October 22nd, 2010
National Cyber Security Awareness Month is a good time to learn more about how you can use your browser’s security indicators to stay safe online. One of the most important security indicators in Google Chrome is the “omnibox,” the spot where you enter web addresses:
The first thing to notice about the Omnibox is that Google Chrome highlights the domain name of the website that you’re viewing with a slightly darker color. The domain name indicates which website is being displayed by the browser in the current tab. For example, the domain name in the image above is “www.google.com”.
Before interacting with a website, check that the Omnibox has highlighted the domain name you expect. If the domain name doesn’t match what you expect, the website might be spoofing the “look and feel” of another site as part of a phishing attack. Google Chrome has built-in protection against phishing, but checking the domain name yourself is a good security habit — especially when entering sensitive information, such as your password or credit card number.
When entering sensitive information, the second thing to notice about the Omnibox is the lock icon, which is displayed to the left of the website address and, in the case above, is colored green. The lock icon indicates that Google Chrome has established an encrypted connection that works like a tunnel between your computer and the domain name displayed in the Omnibox. An encrypted connection helps prevent malicious parties from eavesdropping or tampering with the data sent between your computer and the website. Most websites will use an encrypted tunnel when asking for your password or credit card number to help prevent people using the same wireless network as you, for example at a coffee shop, from being able to eavesdrop on your sensitive information.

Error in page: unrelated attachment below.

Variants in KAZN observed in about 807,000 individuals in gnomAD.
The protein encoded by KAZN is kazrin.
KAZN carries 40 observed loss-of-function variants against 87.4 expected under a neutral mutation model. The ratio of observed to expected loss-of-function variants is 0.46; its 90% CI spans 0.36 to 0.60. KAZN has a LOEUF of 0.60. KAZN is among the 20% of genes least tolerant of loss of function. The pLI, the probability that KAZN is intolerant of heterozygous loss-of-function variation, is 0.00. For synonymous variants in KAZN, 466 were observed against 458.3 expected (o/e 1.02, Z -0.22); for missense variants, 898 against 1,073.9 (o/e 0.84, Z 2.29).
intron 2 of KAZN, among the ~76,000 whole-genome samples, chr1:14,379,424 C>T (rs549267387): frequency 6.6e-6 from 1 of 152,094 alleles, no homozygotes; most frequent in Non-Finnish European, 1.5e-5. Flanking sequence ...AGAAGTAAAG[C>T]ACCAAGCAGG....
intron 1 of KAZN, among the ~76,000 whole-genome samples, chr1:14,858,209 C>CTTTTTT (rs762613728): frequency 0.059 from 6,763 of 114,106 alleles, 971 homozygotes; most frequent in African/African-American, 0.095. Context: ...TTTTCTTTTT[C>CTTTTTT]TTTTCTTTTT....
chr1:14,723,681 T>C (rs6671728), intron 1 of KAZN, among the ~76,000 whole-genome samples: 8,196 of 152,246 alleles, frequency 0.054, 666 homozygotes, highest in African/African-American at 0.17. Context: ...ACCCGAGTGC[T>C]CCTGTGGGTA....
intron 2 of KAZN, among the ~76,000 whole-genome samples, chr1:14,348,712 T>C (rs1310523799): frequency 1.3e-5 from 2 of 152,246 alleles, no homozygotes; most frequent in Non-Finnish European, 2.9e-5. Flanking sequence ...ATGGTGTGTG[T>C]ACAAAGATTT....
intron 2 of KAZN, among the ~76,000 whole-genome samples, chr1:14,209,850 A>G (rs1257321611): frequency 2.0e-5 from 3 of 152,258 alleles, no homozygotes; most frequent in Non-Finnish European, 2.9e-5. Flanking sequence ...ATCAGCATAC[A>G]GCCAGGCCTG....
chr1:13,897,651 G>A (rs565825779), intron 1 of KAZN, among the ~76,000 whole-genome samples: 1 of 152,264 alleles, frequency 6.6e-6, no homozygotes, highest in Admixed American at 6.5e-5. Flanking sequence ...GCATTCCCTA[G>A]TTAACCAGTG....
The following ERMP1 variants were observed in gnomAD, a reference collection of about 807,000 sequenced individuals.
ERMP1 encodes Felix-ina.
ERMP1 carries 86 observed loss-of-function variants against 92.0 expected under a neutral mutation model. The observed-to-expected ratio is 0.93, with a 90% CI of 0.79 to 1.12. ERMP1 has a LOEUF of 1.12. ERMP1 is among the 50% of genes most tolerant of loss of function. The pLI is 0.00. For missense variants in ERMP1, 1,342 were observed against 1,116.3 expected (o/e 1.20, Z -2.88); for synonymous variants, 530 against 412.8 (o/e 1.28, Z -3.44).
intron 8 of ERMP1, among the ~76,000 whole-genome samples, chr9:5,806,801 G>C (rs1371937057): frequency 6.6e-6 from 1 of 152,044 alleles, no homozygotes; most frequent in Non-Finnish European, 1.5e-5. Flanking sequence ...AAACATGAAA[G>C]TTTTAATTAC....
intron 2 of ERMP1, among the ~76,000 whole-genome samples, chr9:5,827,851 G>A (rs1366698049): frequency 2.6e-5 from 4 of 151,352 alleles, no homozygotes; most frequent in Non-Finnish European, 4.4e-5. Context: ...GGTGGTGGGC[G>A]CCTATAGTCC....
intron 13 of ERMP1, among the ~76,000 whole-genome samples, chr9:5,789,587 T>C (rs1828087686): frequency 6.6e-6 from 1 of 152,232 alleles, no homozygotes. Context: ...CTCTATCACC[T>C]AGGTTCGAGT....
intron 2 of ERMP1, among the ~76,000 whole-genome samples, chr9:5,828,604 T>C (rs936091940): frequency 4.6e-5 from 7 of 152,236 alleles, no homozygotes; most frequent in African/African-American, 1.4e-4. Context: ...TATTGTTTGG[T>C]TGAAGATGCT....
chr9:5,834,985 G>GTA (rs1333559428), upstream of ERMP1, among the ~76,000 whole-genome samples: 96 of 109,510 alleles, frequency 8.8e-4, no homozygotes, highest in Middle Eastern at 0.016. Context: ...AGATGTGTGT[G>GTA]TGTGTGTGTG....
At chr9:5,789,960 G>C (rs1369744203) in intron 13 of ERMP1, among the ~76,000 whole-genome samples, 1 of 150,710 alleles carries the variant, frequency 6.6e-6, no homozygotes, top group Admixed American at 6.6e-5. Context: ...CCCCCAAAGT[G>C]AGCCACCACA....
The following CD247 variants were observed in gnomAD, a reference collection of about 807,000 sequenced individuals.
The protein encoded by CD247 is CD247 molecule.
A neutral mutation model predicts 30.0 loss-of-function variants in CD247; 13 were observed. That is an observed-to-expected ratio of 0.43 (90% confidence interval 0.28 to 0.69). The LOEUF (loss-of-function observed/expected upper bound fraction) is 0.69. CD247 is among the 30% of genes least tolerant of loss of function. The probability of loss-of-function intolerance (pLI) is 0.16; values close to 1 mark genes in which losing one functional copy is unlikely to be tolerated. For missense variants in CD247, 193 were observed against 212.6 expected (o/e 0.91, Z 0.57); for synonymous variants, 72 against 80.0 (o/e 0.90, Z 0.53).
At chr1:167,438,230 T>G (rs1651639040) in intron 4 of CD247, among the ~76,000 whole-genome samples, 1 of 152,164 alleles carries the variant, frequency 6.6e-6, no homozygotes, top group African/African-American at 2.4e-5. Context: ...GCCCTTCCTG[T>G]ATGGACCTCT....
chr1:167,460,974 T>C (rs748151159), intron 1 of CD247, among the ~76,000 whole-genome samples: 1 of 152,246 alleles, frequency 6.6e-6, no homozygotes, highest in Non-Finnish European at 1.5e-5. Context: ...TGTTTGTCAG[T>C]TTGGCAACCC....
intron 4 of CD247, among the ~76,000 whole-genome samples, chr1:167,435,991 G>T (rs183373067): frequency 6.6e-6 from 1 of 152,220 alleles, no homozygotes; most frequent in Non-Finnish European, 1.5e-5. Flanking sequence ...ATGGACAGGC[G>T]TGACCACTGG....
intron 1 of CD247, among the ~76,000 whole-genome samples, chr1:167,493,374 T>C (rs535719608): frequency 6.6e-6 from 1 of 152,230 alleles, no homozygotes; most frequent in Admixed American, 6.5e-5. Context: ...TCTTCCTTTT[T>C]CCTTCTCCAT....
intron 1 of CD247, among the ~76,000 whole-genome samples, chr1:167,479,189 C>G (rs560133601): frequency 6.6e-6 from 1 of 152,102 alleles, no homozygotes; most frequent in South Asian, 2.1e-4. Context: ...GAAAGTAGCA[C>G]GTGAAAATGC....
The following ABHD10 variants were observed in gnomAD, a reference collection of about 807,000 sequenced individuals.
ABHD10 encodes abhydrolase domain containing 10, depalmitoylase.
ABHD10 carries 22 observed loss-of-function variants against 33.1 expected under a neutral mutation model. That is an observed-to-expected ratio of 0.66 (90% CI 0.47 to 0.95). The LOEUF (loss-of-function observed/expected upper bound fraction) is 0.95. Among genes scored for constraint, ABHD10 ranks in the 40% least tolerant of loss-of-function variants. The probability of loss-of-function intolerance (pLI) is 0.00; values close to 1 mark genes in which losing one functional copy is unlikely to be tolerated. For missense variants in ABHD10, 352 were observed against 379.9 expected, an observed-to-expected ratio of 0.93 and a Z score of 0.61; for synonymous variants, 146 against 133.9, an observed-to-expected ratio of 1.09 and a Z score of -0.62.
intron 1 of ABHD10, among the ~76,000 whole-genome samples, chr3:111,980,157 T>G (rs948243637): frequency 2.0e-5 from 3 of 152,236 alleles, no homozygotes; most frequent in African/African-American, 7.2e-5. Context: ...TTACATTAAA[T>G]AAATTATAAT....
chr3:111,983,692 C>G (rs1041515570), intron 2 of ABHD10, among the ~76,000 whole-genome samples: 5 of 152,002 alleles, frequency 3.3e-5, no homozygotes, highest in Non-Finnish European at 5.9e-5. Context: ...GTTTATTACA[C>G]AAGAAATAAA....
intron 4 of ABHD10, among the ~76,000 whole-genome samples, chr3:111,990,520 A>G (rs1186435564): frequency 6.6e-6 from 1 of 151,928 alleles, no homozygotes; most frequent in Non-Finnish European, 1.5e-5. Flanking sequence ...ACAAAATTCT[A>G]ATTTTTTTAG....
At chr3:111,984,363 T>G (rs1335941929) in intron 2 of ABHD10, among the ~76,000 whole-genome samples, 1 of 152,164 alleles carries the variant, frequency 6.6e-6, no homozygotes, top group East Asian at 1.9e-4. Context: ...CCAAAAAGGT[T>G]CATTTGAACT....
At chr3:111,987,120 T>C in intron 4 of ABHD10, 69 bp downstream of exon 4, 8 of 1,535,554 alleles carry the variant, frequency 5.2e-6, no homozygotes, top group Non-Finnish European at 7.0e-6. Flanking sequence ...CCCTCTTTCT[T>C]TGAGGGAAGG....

Some websites have an “extended validation” certificate that lets the browser determine the name of the organization that runs the website. Notice the green box between the lock icon and the web address in the Omnibox:
The extended validation indicator makes it easier for you to determine which organization is responsible for the displayed web page. For example, the extended validation indicator for https://www.benefitaccess.com/ says “Citigroup Inc [US],” indicating that Citigroup is responsible for that web page – a fact which might have been difficult to determine without the indicator. You should be careful to share sensitive information with a website only if you trust the organization responsible for the site.
If you would like to learn more about the browser’s security indicators, you might enjoy reading our Help Center article on Chrome’s indicators. Until next time, safe surfing!
Posted by Adam Barth, Software Engineer